Valuing the work of sailors

TODAY is Sailor’s Day. Inaugurated in 2011 under the aegis of the International Maritime Organization (IMO), this day offers a wonderful opportunity to appreciate the contribution of seafarers without whom the flow of goods and international trade would stop.

With merchant ships carrying up to 90% of the world’s trade and a maritime industry operating at breakneck speed, it’s hard to imagine life without the involvement of seafarers. But their labor sometimes costs them dearly. themselves and their families.

Each sailor’s journey is unique, but they all face similar hurdles, with managing mental health being one of the most serious concerns.

In the past, after their ship left port, sailors were cut off from the outside world. Today, with the transfer of data possible on board and ashore regardless of the position of their vessel, crews can now stay in touch with family and friends.

In this regard, Internet access should be considered a fundamental right of seafarers as it enables them to communicate with their relatives back home. In fact, internet access on board has been proven to help improve their mental health and overall well-being.

Seafarers are involved in one of the toughest professions, so they have high hopes of being treated as key workers in the national economy and having their plight recognized by government and stakeholders.

A pressing issue in Malaysia is the delay by authorities in Sabah and Sarawak in issuing work permits to Peninsular Malaysian seafarers. These sailors, who also have to compete with foreigners for jobs, have to wait between two and three months to obtain the work permit. Previously, the waiting time was between one and two weeks and it is faster to obtain a permit to work in another country.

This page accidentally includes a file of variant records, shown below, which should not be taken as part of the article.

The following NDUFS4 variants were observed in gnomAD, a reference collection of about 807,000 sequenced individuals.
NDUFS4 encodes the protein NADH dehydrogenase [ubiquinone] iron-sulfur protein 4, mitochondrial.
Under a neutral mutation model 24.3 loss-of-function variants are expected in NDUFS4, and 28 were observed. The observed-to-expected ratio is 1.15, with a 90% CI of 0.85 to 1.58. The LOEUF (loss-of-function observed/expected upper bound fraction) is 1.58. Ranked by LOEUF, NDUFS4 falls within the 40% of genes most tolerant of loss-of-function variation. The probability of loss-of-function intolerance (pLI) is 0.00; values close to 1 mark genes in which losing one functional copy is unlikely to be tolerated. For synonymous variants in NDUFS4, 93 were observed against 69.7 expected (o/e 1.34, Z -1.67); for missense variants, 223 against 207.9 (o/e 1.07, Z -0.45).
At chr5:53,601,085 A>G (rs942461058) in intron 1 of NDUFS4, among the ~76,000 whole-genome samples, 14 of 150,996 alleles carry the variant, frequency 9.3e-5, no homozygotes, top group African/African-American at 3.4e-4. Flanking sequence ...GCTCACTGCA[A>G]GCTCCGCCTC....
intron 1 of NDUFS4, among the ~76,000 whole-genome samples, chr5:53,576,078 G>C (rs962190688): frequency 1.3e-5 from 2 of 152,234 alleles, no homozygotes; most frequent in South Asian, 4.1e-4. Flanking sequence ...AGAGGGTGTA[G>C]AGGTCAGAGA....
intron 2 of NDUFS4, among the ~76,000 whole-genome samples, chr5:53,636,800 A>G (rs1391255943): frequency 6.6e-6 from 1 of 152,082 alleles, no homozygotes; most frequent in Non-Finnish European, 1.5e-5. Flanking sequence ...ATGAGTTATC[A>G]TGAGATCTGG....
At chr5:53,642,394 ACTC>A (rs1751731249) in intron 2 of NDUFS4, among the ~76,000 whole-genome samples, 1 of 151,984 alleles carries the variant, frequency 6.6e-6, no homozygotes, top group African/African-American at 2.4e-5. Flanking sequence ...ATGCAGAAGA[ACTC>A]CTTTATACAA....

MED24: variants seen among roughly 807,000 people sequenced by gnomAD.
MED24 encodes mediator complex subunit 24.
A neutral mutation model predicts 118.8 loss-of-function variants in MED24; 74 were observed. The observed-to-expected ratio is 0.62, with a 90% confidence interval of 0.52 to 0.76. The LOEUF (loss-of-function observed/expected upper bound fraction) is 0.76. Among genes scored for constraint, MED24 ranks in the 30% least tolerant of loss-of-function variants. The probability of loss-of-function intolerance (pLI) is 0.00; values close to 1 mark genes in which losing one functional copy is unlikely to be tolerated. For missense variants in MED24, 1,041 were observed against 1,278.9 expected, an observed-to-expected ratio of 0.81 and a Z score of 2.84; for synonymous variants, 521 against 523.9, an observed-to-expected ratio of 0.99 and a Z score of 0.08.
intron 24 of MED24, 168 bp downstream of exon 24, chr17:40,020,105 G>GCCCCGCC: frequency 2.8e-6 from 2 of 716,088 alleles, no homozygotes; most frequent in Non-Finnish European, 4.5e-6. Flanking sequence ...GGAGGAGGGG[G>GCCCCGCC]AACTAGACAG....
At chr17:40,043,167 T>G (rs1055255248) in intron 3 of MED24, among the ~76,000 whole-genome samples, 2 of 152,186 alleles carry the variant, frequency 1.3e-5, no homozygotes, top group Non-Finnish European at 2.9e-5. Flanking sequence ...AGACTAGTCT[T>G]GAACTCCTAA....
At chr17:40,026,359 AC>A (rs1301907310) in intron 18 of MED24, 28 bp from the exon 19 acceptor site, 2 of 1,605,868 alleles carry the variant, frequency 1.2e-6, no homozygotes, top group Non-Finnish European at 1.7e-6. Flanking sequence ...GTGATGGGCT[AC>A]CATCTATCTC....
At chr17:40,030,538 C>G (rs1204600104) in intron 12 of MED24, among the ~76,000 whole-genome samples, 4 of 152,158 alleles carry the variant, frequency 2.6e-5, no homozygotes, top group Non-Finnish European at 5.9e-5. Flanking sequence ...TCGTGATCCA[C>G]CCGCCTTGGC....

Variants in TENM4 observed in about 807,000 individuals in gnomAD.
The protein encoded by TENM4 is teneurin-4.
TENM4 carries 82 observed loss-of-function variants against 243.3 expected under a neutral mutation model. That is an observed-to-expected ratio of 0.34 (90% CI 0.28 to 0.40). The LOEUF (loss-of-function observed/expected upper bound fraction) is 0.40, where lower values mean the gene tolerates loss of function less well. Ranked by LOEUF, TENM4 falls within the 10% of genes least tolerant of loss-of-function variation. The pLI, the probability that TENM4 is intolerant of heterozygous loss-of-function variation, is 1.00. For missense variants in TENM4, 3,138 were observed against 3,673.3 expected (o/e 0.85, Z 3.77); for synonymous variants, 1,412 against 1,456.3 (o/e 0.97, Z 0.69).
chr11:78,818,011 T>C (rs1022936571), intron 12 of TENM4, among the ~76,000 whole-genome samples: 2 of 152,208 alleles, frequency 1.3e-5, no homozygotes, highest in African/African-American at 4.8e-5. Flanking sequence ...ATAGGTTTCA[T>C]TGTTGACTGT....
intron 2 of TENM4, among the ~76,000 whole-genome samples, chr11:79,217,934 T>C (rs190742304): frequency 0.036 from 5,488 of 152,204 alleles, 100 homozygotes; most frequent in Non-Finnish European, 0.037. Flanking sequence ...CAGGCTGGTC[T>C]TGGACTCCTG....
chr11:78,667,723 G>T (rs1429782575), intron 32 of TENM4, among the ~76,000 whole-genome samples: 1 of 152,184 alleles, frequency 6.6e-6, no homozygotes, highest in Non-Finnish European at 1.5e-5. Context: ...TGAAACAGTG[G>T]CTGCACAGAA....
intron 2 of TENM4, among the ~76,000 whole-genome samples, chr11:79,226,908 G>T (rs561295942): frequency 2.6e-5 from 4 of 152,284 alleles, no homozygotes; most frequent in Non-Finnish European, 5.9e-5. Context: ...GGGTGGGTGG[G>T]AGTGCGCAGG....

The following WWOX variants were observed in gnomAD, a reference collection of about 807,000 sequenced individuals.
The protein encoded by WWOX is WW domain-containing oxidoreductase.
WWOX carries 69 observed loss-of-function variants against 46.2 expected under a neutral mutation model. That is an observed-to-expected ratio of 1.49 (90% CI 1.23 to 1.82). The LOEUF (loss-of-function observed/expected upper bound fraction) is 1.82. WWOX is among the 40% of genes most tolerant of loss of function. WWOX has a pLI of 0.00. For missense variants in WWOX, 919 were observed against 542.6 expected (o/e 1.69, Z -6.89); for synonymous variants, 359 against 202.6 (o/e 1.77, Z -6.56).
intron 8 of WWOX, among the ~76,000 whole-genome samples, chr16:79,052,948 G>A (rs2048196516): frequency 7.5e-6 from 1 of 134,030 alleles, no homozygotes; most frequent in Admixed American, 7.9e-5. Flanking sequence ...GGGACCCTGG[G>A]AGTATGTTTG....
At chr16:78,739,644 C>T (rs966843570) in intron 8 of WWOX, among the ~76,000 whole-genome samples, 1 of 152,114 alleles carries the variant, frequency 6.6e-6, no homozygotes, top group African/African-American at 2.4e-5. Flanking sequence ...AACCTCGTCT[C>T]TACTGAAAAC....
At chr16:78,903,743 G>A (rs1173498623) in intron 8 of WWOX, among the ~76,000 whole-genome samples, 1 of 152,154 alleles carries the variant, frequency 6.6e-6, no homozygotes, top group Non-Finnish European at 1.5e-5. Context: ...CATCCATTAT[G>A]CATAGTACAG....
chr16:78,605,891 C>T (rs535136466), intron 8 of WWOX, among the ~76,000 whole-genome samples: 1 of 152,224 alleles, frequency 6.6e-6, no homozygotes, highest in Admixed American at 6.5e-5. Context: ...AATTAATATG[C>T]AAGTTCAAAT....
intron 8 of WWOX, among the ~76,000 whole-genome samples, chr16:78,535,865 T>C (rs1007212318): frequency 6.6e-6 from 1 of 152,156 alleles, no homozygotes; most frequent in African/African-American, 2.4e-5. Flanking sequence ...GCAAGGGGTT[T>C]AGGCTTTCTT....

Seafarers see themselves as family on board and work as a friendly team throughout their contract. But with the current sentiment shown towards the Peninsular Malay sailors by the authorities in Sabah and Sarawak, a rift is opening between them which could split their unit.

Remuneration, which does not correspond to the cost of living, is another question to be settled. Sometimes seafarers are denied bank loans to secure assets such as a house.

There are suggestions from the seafarer community on how to solve their problems. One of them is to remove the tax for seafarers who are on board a ship for more than two months. Malaysia has a territorial tax system, which means that only income earned from work performed within the country and its geographical boundaries is taxed.

Other suggestions include removing the requirement for Peninsular Malaysian seafarers to obtain work permits issued by Sabah and Sarawak, controlling the influx of foreign seafarers, reviewing their remuneration to make it comparable to that of seafarers from other countries such as Brunei and Singapore, and to extend flexible bank loan arrangements for them.

For lack of attention and support, many sailors have changed careers. If this trend continues, there will be a severe shortage of qualified seafarers in Malaysia in the near future. This situation should be avoided because the maritime industry is important for the growth of the country.

Today is the day to express to all seafarers how much they mean to us and to the whole world. Their dedication and hard work has kept the international business alive and running perpetually. We cannot thank them enough for their immense contribution!

DR IZYAN MUNIRAH MOHD ZAIDEEN

Lecturer

Faculty of Maritime Studies

University Malaysia Terengganu

and CAPTAIN MOHD FAIZAL RAMLI

Offshore oil and gas marine specialist, sailor and alumnus of the Malaysian Maritime Academy (Alam)

About Leah Albert

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